The Black Clouds – Photograph
Sometimes, even alternative-rock can be properly judged on first impression alone. Remembering that much of the alt-rock that gained popular support during the early 1990s, from Nirvana to the Smashing Pumpkins, was based on a quick attack and overpowering guitar riffs, The Black Clouds waste no time in unpacking the essentials that make up their sound.
“Photograph” is a fast, loud garage-rocker containing heavy riffs and roaring vocals not unlike the grunge bands I mentioned previously. It would only make sense that this would be the sound the group would opt to promote. After all, the tune was produced by the legendary Jack Endino, the man responsible for recording Nirvana‘s Bleach, over at Studio 606 owned by Dave Grohl, the man responsible for producing Nirvana’s often overlooked, uber-muscular backbone.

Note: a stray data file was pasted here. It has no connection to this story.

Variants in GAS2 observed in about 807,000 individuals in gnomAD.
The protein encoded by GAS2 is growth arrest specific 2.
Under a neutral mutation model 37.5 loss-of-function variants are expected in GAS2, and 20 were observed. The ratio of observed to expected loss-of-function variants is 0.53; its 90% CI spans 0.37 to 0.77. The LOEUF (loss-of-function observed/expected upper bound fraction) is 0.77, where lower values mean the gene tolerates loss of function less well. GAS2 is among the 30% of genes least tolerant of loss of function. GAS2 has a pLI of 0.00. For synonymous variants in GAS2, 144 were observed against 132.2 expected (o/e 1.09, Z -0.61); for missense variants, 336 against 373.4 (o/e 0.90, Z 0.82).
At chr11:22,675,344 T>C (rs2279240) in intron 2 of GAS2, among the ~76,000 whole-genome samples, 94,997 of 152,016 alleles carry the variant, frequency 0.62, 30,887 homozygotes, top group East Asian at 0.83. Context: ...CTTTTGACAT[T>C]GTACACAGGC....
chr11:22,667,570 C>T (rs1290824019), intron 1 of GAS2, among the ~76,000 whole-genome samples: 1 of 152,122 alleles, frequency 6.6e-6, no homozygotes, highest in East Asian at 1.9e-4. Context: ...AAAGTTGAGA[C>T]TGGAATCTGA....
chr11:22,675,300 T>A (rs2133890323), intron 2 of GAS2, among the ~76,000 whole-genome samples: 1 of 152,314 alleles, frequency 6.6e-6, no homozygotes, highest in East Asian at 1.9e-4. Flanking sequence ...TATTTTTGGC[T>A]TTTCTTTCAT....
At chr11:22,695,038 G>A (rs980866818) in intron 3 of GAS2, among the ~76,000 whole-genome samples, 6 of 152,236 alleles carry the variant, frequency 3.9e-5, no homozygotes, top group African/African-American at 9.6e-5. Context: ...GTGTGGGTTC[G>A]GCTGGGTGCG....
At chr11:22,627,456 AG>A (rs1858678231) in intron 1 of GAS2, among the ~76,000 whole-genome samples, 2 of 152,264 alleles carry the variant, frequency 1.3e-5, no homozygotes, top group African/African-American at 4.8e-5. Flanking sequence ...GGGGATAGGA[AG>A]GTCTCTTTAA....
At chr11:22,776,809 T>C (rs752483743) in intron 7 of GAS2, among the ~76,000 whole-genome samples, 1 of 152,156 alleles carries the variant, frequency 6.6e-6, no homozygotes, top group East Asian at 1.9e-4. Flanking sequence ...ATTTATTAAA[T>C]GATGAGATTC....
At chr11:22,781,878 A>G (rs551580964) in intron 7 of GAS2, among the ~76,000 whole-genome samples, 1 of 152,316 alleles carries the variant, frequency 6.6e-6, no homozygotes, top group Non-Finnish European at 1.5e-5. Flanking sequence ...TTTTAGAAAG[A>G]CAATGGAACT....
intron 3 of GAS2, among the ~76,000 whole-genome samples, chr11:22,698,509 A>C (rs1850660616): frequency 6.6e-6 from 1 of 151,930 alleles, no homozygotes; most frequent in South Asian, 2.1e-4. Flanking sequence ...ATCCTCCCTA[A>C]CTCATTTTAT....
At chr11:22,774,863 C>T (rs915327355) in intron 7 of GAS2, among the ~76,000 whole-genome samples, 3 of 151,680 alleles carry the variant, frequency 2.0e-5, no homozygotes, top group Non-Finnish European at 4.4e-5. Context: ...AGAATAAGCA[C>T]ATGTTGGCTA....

Art rock this is not. Unlike some of the grunge groups that lure a heavy metal audience towards the supply store, The Black Clouds just want to rock. It’s a task they accomplish well, permitting us to mention them here.
Local Nomad – Snakechild
It’s not just the classic rock fetishists or grunge rock revivalists borrowing from the past. Local Nomad are inspired by a sound born in the 1980s and designed to still sound modern decades later.
Part 80s new wave jam, part dirty pop-rock tune, “Snakechild” wouldn’t sound half as charming without the kind of self-belief that borders on fiction. Simply put, Local Nomad power to the dance rhythms and early Cage the Elephant quick-fire vocal delivery as if they’re the biggest band in the world. I like that kind of bravado.
Lyrically, the song is also impressive, trading sleek, sleazy rhymes that spin a Seventh son of a seventh son kind of tale. There’s humour to the braggadocio claims. It’s cheap and loud like wearing a gold chain to a fancy dress party, and for that, I like it.